This was a nice stop on a long drive. The cafeteria was not much so you'd want to get food in town or bring your own. I'm not sure I'd go back but it was a pleasant walk and the siting of the fort really illustrates how vast the prairies really are--you can see for 15km or more.

Saturday, August 11, 2018

Song of Ice & Fire

We had seven guys out at the club this week which was pretty good given how hot it was outside! Jonathan and Scott played a game of Commands and Colors Napoleonic. George hosted the rest of us in a game of Songs of Fire and Ice (a Game of Thrones miniature game).

Chen and Scott played tea red (Lannister?) while Terry and I played team blue (Stark?).

Basic alternating activation. Combat was reasonably straight forward: roll to hit, roll to save, roll of morale. Casualties by attrition with loss of ranks reducing dice.

The only complexity for new players is the modifiers and special rules: units have special rules, characters add rules, off-board strategy play can add modifiers, cards and objectives can affect play, and so can conditions placed on units. It is a lot of take in at first but therein lies the thematic chrome of the game.

There was a general advance to secure objectives markers to gain victory points. Then team Red's super unit killed our dog. And the rain charged my archers with predictable results.

Terry did some nice maneuvering to try and kill the opposing general but came just short and got rear-ended himself.

Back on my side of the time, flanks were getting turned and I could not roll worth crap.

Then, suddenly, I rolled an amazing 10 hits. But then Craig said them all. And we ran out of time about half way through the six turn game.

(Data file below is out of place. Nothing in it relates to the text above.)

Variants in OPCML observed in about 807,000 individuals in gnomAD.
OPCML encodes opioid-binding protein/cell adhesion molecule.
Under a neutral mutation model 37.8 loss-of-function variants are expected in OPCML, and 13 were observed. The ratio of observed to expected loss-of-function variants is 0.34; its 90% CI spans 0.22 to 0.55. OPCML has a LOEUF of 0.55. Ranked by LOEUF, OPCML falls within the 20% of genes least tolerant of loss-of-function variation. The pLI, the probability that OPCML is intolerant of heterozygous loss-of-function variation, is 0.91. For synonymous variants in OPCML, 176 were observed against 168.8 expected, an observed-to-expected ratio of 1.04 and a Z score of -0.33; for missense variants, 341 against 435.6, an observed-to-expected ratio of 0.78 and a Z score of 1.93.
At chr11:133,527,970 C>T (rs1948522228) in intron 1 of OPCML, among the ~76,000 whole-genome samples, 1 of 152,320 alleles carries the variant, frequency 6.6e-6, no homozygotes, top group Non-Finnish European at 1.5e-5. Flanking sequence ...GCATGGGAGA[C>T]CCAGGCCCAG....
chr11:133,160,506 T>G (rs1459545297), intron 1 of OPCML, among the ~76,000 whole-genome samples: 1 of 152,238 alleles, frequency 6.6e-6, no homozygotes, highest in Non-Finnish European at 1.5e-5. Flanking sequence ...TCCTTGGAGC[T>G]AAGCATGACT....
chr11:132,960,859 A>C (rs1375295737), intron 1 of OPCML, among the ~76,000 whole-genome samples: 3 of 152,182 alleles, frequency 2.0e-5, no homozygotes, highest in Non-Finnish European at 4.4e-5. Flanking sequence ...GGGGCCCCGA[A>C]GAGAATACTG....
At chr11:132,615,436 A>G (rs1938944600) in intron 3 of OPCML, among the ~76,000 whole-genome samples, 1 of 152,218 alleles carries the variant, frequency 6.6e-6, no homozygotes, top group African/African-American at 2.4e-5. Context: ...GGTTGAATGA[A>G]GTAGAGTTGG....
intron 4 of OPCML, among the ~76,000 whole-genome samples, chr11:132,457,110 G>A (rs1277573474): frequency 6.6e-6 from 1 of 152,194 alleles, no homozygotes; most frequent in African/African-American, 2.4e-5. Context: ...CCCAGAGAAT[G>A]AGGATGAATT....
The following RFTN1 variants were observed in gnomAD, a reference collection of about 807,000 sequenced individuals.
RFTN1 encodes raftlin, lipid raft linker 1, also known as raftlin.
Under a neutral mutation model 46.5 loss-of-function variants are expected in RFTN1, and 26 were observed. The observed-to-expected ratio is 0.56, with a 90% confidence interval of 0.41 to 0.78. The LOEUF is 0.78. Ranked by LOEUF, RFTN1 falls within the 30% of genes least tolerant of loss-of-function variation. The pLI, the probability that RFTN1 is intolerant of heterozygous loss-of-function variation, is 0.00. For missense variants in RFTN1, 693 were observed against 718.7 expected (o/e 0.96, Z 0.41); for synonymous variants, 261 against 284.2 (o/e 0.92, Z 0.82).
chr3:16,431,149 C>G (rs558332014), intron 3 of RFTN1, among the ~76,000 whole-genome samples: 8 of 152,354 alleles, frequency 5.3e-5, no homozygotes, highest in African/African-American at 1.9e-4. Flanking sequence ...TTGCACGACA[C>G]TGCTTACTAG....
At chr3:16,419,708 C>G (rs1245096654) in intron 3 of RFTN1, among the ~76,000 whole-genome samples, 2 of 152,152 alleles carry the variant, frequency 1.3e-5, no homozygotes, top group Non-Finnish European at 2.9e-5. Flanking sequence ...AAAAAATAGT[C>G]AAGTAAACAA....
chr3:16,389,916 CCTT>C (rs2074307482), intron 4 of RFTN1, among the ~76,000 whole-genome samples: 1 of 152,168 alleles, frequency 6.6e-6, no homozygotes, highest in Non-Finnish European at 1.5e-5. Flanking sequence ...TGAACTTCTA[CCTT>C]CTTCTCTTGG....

Lovely plastic miniatures: as nice as most metals due to multipart construction.

Overall, fun enough to play again. Thanks to Terry for bringing painted terrain and to George for hosting.

Tuesday, August 7, 2018

Some 32mm mercenaries

Nothing too fancy today as the outdoors draws my attention. These seven guys are from (I think) a bunch of Horrorclix figures I got from Scott. The fellows with the shields originally had green outfits.

A bit of paint and we get a small group of corporate security of special forces troops. Or maybe some scifi-figures? These guys are a bit tall (like headed towards 32mm) when compared to a 28mm Batgirl or a 25mm Buffy.

Not sure what is next: mostly I'm moving small projects off the table to clean up some odds and sods.

Saturday, August 4, 2018

More Boxers

Bruce hosted another playlets of his Boxer game this week. Main change was extending length to 25 turns. The last five turns see no new Boxer units arrive, but existing units continue to operate. And, if the gong in ringing on turn 20 (which causes Chinese units to stack up rather than enter until it stops), the gong stops ringing and the stacked up units also arrive. Predictably, this went badly for us (but is a great mechanical tweak).

I had lot so units besiege the barricade between the Russian and American embassies.

Some bad rolls cause major losses on my side of the board and things were thin. Fortunately, the plucky Russians managed to hold of the hordes of Chinese troops.

We lost three of the five embassies this time but still managed to win the game. In a five player game, there would have been winners and losers. There were also two points where supplies got very tight and that would have caused some interesting interactions between the players.

Overall, I'd say this is pretty much ready to go and could accommodate 7 players (5 European and 2 Chinese). It could also be played within the 2.5 hours we have at the club.